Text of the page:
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Environmental Impact of nuclear power

The main environmental impact of nuclear power consists of construction of the plant, fuel procurement and of the thermal load of the cooling water discharged into the sea during operation. Nuclear-based electricity production does not create carbon dioxide or other greenhouse gas emissions. When reviewing the entire production lifecycle, the climate impact of operating nuclear power is similar to that of wind, solar or hydropower.

In 2016, the Loviisa power plant’s thermal load on the sea was 56,741 TJ. According to temperature measurements, cooling water has increased the surface water temperature by 1−2 degrees Celsius at a distance of one to two kilometres from the cooling water discharge location. The thermal load on the waterway could be reduced by integrating a nuclear power plant with combined heat and power (CHP) production, which would also greatly increase the efficiency of the power plant.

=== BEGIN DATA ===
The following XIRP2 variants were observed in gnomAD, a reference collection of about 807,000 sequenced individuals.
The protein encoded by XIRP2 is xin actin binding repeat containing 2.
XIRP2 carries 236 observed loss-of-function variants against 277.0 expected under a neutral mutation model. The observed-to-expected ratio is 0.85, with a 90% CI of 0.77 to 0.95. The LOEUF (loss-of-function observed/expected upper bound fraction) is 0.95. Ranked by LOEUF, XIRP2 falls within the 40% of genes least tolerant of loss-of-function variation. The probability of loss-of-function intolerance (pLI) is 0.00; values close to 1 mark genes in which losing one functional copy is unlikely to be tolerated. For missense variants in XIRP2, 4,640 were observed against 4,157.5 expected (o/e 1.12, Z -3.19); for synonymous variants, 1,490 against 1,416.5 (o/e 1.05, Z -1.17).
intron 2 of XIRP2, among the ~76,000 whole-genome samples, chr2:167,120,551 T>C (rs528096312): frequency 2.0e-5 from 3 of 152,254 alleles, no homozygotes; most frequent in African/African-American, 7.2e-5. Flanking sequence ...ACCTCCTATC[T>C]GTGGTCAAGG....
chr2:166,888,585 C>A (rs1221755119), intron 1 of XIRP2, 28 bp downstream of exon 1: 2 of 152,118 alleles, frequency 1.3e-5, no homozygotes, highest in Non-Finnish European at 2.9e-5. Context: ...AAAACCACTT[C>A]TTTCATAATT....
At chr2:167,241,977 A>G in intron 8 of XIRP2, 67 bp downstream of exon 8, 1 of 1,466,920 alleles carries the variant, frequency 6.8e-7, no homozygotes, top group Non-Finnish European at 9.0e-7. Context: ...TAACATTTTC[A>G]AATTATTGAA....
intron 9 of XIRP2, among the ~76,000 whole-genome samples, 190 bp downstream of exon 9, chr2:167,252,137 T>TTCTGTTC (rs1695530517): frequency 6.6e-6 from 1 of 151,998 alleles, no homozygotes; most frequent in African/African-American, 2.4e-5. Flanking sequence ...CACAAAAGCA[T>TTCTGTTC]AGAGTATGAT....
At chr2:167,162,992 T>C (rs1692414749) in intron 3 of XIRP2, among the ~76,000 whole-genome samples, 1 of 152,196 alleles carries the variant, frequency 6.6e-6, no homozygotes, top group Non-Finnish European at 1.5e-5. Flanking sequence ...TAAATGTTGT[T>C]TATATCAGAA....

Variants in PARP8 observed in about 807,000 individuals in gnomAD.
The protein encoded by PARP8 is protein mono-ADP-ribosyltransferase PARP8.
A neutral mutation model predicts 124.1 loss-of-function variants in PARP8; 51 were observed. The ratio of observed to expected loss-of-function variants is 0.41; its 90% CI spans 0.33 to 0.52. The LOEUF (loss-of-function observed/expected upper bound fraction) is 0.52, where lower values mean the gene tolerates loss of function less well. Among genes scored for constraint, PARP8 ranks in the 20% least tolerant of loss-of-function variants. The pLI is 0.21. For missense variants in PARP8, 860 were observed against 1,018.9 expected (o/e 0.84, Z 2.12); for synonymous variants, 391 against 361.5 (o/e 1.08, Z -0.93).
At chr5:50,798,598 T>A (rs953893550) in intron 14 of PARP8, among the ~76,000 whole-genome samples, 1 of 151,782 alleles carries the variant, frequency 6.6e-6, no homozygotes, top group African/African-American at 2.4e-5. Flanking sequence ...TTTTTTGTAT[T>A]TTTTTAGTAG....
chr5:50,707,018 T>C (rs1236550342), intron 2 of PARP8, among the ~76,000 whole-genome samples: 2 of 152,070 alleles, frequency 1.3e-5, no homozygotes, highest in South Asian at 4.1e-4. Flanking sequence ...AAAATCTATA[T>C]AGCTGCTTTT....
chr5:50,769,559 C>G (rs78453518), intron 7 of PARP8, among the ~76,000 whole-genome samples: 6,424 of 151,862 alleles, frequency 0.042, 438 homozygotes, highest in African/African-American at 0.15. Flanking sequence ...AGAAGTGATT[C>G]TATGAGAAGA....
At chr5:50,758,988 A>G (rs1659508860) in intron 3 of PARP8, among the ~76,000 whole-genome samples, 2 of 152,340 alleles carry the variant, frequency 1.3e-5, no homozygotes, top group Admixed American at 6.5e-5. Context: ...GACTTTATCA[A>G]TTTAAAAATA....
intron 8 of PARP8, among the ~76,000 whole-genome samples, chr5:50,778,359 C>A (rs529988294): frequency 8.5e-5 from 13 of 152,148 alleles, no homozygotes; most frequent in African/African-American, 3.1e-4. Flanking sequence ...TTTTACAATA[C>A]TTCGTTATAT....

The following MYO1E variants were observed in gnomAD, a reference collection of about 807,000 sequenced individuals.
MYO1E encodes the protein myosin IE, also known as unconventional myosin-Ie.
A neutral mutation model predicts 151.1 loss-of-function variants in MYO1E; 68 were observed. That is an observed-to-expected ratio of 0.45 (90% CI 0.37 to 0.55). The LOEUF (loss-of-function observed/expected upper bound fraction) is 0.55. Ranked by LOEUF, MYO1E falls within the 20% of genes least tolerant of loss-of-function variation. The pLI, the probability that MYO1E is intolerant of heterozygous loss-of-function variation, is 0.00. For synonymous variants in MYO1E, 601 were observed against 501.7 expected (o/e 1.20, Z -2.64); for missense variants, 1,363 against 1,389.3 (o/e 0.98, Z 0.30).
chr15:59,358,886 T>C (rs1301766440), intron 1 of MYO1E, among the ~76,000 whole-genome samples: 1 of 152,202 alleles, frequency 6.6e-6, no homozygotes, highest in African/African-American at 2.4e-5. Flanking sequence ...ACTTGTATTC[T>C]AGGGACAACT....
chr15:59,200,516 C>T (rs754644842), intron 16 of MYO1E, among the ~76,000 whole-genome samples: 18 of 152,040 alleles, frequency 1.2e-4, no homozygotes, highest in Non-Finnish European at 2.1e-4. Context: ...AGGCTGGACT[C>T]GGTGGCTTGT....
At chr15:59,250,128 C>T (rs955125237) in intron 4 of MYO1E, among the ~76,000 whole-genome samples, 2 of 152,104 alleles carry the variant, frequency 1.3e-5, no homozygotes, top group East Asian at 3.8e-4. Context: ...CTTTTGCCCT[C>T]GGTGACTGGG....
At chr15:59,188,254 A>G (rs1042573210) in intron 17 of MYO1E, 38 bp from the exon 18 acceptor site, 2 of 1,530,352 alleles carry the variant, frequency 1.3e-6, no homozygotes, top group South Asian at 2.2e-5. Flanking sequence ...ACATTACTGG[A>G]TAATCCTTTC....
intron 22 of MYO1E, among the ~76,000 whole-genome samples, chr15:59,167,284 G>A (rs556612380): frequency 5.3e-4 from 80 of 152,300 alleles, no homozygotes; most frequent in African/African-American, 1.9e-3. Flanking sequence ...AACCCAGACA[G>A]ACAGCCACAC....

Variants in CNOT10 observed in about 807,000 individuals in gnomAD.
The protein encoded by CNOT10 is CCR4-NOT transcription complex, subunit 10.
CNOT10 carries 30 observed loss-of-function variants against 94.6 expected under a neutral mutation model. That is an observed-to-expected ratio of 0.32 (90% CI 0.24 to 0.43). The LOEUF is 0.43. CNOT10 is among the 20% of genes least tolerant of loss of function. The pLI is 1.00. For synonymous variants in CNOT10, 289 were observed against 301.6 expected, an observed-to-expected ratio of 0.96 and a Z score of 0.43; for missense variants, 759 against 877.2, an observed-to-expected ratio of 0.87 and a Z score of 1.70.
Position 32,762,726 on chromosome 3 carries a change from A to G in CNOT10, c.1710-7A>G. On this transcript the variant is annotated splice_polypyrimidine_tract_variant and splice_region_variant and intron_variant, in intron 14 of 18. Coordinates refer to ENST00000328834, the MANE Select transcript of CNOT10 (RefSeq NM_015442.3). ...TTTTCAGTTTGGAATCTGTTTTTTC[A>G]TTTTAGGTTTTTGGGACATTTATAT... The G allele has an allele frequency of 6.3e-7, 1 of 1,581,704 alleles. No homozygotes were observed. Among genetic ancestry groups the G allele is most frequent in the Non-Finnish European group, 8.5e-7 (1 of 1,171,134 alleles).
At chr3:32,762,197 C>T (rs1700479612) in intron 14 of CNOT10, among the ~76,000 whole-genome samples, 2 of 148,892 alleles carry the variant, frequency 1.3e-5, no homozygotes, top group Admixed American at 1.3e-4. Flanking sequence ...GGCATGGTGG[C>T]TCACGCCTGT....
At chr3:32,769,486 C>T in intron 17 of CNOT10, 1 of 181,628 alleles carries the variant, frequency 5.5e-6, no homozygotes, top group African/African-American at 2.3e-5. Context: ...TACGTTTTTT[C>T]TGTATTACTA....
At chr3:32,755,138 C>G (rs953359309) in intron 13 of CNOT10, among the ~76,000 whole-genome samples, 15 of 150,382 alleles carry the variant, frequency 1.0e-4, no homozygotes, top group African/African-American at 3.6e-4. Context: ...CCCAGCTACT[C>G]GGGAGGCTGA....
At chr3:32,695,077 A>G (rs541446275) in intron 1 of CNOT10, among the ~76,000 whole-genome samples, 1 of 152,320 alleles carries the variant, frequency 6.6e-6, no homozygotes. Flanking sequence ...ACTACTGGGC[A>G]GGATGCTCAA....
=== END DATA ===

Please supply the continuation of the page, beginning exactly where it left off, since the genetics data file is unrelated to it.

High level nuclear safety and radiation safety are key factors in managing the environmental impacts of nuclear power. Loviisa nuclear power plant has a high level of safety, and we develop the safety and availability of the plant based on the principle of continuous improvement. In 2015, no safety significant events were reported at Loviisa power plant (on INES, The International Nuclear and Radiological Event Scale of the Internation Atomic Energy Agency, IAEA). More information about nuclear safety and environmental impacts of Loviisa power plant can be found from Nuclear safety at Loviisa power plant and Environmental impact of Loviisa power plant.